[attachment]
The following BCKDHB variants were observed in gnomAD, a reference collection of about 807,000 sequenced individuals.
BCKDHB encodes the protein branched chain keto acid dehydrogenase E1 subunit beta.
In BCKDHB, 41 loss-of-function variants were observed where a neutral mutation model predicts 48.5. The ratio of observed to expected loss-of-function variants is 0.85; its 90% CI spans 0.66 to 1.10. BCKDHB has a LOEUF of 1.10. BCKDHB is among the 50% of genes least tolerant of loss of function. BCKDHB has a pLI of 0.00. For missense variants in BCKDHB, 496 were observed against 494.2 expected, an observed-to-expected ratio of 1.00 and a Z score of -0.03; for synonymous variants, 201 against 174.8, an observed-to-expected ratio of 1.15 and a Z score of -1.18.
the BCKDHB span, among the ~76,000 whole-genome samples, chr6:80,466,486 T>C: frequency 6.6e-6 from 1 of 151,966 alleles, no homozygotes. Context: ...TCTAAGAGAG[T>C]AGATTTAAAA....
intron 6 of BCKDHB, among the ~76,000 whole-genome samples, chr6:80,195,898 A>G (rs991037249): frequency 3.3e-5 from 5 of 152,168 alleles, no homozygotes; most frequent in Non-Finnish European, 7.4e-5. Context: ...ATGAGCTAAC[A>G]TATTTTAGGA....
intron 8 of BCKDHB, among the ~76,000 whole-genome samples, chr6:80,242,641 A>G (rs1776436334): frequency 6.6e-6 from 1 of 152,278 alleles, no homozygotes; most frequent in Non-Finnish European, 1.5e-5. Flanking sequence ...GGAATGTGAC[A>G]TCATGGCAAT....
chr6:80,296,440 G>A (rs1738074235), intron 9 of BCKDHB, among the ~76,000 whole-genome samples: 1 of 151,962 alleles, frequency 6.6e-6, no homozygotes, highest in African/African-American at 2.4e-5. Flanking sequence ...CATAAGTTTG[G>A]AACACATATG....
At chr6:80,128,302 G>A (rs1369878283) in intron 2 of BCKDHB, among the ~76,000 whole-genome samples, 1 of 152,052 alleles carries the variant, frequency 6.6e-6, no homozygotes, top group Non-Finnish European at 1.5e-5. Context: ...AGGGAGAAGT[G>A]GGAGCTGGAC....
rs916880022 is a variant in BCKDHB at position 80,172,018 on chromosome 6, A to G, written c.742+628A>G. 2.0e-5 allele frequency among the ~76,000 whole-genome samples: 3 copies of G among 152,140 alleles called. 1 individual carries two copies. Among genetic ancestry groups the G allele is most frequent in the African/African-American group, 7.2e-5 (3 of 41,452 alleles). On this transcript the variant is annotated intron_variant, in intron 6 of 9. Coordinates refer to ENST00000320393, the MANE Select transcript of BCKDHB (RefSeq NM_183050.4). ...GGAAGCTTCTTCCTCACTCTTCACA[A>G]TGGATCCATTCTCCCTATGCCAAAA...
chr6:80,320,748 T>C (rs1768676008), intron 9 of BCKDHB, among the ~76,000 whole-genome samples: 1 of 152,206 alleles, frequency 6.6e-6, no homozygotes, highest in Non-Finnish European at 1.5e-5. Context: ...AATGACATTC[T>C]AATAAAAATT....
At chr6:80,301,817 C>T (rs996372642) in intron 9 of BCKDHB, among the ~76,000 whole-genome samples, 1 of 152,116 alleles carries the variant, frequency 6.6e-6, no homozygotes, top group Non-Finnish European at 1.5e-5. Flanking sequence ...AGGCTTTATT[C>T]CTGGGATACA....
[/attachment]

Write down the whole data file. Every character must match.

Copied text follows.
The following BCKDHB variants were observed in gnomAD, a reference collection of about 807,000 sequenced individuals.
BCKDHB encodes the protein branched chain keto acid dehydrogenase E1 subunit beta.
In BCKDHB, 41 loss-of-function variants were observed where a neutral mutation model predicts 48.5. The ratio of observed to expected loss-of-function variants is 0.85; its 90% CI spans 0.66 to 1.10. BCKDHB has a LOEUF of 1.10. BCKDHB is among the 50% of genes least tolerant of loss of function. BCKDHB has a pLI of 0.00. For missense variants in BCKDHB, 496 were observed against 494.2 expected, an observed-to-expected ratio of 1.00 and a Z score of -0.03; for synonymous variants, 201 against 174.8, an observed-to-expected ratio of 1.15 and a Z score of -1.18.
the BCKDHB span, among the ~76,000 whole-genome samples, chr6:80,466,486 T>C: frequency 6.6e-6 from 1 of 151,966 alleles, no homozygotes. Context: ...TCTAAGAGAG[T>C]AGATTTAAAA....
intron 6 of BCKDHB, among the ~76,000 whole-genome samples, chr6:80,195,898 A>G (rs991037249): frequency 3.3e-5 from 5 of 152,168 alleles, no homozygotes; most frequent in Non-Finnish European, 7.4e-5. Context: ...ATGAGCTAAC[A>G]TATTTTAGGA....
intron 8 of BCKDHB, among the ~76,000 whole-genome samples, chr6:80,242,641 A>G (rs1776436334): frequency 6.6e-6 from 1 of 152,278 alleles, no homozygotes; most frequent in Non-Finnish European, 1.5e-5. Flanking sequence ...GGAATGTGAC[A>G]TCATGGCAAT....
chr6:80,296,440 G>A (rs1738074235), intron 9 of BCKDHB, among the ~76,000 whole-genome samples: 1 of 151,962 alleles, frequency 6.6e-6, no homozygotes, highest in African/African-American at 2.4e-5. Flanking sequence ...CATAAGTTTG[G>A]AACACATATG....
At chr6:80,128,302 G>A (rs1369878283) in intron 2 of BCKDHB, among the ~76,000 whole-genome samples, 1 of 152,052 alleles carries the variant, frequency 6.6e-6, no homozygotes, top group Non-Finnish European at 1.5e-5. Context: ...AGGGAGAAGT[G>A]GGAGCTGGAC....
rs916880022 is a variant in BCKDHB at position 80,172,018 on chromosome 6, A to G, written c.742+628A>G. 2.0e-5 allele frequency among the ~76,000 whole-genome samples: 3 copies of G among 152,140 alleles called. 1 individual carries two copies. Among genetic ancestry groups the G allele is most frequent in the African/African-American group, 7.2e-5 (3 of 41,452 alleles). On this transcript the variant is annotated intron_variant, in intron 6 of 9. Coordinates refer to ENST00000320393, the MANE Select transcript of BCKDHB (RefSeq NM_183050.4). ...GGAAGCTTCTTCCTCACTCTTCACA[A>G]TGGATCCATTCTCCCTATGCCAAAA...
chr6:80,320,748 T>C (rs1768676008), intron 9 of BCKDHB, among the ~76,000 whole-genome samples: 1 of 152,206 alleles, frequency 6.6e-6, no homozygotes, highest in Non-Finnish European at 1.5e-5. Context: ...AATGACATTC[T>C]AATAAAAATT....
At chr6:80,301,817 C>T (rs996372642) in intron 9 of BCKDHB, among the ~76,000 whole-genome samples, 1 of 152,116 alleles carries the variant, frequency 6.6e-6, no homozygotes, top group Non-Finnish European at 1.5e-5. Flanking sequence ...AGGCTTTATT[C>T]CTGGGATACA....